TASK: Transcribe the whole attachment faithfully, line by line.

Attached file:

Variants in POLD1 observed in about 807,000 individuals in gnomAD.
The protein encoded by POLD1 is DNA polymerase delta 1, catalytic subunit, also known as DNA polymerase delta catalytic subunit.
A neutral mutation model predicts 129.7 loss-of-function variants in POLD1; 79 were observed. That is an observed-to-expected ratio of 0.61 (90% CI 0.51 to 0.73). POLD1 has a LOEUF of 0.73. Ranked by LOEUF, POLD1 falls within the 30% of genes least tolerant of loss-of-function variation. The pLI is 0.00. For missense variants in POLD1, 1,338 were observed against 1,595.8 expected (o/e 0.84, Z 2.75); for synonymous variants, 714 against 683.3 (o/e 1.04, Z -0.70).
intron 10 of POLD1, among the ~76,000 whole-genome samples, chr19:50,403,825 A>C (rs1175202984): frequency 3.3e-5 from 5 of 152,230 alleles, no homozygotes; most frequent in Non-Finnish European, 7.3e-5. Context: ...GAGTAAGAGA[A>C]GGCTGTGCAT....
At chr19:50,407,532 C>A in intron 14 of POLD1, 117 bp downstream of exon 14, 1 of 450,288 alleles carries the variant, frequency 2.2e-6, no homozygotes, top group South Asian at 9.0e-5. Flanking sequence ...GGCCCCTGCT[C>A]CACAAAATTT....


Variants in POLD1 observed in about 807,000 individuals in gnomAD.
The protein encoded by POLD1 is DNA polymerase delta 1, catalytic subunit, also known as DNA polymerase delta catalytic subunit.
A neutral mutation model predicts 129.7 loss-of-function variants in POLD1; 79 were observed. That is an observed-to-expected ratio of 0.61 (90% CI 0.51 to 0.73). POLD1 has a LOEUF of 0.73. Ranked by LOEUF, POLD1 falls within the 30% of genes least tolerant of loss-of-function variation. The pLI is 0.00. For missense variants in POLD1, 1,338 were observed against 1,595.8 expected (o/e 0.84, Z 2.75); for synonymous variants, 714 against 683.3 (o/e 1.04, Z -0.70).
intron 10 of POLD1, among the ~76,000 whole-genome samples, chr19:50,403,825 A>C (rs1175202984): frequency 3.3e-5 from 5 of 152,230 alleles, no homozygotes; most frequent in Non-Finnish European, 7.3e-5. Context: ...GAGTAAGAGA[A>C]GGCTGTGCAT....
At chr19:50,407,532 C>A in intron 14 of POLD1, 117 bp downstream of exon 14, 1 of 450,288 alleles carries the variant, frequency 2.2e-6, no homozygotes, top group South Asian at 9.0e-5. Flanking sequence ...GGCCCCTGCT[C>A]CACAAAATTT....